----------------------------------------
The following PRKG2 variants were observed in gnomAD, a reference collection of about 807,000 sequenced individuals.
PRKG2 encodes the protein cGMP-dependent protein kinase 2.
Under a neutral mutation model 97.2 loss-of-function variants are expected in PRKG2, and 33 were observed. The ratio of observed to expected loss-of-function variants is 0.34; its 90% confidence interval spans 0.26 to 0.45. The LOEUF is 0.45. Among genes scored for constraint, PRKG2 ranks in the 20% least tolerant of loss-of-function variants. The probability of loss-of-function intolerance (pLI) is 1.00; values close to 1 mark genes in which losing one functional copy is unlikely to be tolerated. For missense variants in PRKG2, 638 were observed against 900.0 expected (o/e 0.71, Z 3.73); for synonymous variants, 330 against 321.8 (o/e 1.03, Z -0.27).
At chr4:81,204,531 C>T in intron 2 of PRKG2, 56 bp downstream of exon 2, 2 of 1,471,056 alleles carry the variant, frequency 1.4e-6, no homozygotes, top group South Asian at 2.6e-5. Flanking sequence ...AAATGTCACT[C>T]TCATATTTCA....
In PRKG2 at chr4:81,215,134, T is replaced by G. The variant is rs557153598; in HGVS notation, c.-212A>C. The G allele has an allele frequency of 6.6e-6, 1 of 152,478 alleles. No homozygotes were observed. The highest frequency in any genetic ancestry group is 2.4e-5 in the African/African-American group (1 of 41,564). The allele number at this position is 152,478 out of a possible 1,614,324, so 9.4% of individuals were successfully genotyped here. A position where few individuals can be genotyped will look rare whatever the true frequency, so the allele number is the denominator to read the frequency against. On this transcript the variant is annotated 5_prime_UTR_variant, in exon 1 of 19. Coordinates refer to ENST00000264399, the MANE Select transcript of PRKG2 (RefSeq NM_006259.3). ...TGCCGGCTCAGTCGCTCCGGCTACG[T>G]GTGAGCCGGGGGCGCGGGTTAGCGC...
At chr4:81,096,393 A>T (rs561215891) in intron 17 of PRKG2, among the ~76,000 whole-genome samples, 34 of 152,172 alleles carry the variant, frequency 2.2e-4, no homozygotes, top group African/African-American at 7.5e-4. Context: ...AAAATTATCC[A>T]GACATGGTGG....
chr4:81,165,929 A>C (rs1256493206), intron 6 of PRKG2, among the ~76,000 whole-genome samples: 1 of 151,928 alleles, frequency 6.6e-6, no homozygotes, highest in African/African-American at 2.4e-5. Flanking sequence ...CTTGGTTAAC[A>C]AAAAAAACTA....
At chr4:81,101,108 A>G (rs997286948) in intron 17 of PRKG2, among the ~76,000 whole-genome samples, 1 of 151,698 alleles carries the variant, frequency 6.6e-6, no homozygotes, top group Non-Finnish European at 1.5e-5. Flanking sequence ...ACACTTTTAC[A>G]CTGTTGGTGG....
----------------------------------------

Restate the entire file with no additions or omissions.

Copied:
The following PRKG2 variants were observed in gnomAD, a reference collection of about 807,000 sequenced individuals.
PRKG2 encodes the protein cGMP-dependent protein kinase 2.
Under a neutral mutation model 97.2 loss-of-function variants are expected in PRKG2, and 33 were observed. The ratio of observed to expected loss-of-function variants is 0.34; its 90% confidence interval spans 0.26 to 0.45. The LOEUF is 0.45. Among genes scored for constraint, PRKG2 ranks in the 20% least tolerant of loss-of-function variants. The probability of loss-of-function intolerance (pLI) is 1.00; values close to 1 mark genes in which losing one functional copy is unlikely to be tolerated. For missense variants in PRKG2, 638 were observed against 900.0 expected (o/e 0.71, Z 3.73); for synonymous variants, 330 against 321.8 (o/e 1.03, Z -0.27).
At chr4:81,204,531 C>T in intron 2 of PRKG2, 56 bp downstream of exon 2, 2 of 1,471,056 alleles carry the variant, frequency 1.4e-6, no homozygotes, top group South Asian at 2.6e-5. Flanking sequence ...AAATGTCACT[C>T]TCATATTTCA....
In PRKG2 at chr4:81,215,134, T is replaced by G. The variant is rs557153598; in HGVS notation, c.-212A>C. The G allele has an allele frequency of 6.6e-6, 1 of 152,478 alleles. No homozygotes were observed. The highest frequency in any genetic ancestry group is 2.4e-5 in the African/African-American group (1 of 41,564). The allele number at this position is 152,478 out of a possible 1,614,324, so 9.4% of individuals were successfully genotyped here. A position where few individuals can be genotyped will look rare whatever the true frequency, so the allele number is the denominator to read the frequency against. On this transcript the variant is annotated 5_prime_UTR_variant, in exon 1 of 19. Coordinates refer to ENST00000264399, the MANE Select transcript of PRKG2 (RefSeq NM_006259.3). ...TGCCGGCTCAGTCGCTCCGGCTACG[T>G]GTGAGCCGGGGGCGCGGGTTAGCGC...
At chr4:81,096,393 A>T (rs561215891) in intron 17 of PRKG2, among the ~76,000 whole-genome samples, 34 of 152,172 alleles carry the variant, frequency 2.2e-4, no homozygotes, top group African/African-American at 7.5e-4. Context: ...AAAATTATCC[A>T]GACATGGTGG....
chr4:81,165,929 A>C (rs1256493206), intron 6 of PRKG2, among the ~76,000 whole-genome samples: 1 of 151,928 alleles, frequency 6.6e-6, no homozygotes, highest in African/African-American at 2.4e-5. Flanking sequence ...CTTGGTTAAC[A>C]AAAAAAACTA....
At chr4:81,101,108 A>G (rs997286948) in intron 17 of PRKG2, among the ~76,000 whole-genome samples, 1 of 151,698 alleles carries the variant, frequency 6.6e-6, no homozygotes, top group Non-Finnish European at 1.5e-5. Flanking sequence ...ACACTTTTAC[A>G]CTGTTGGTGG....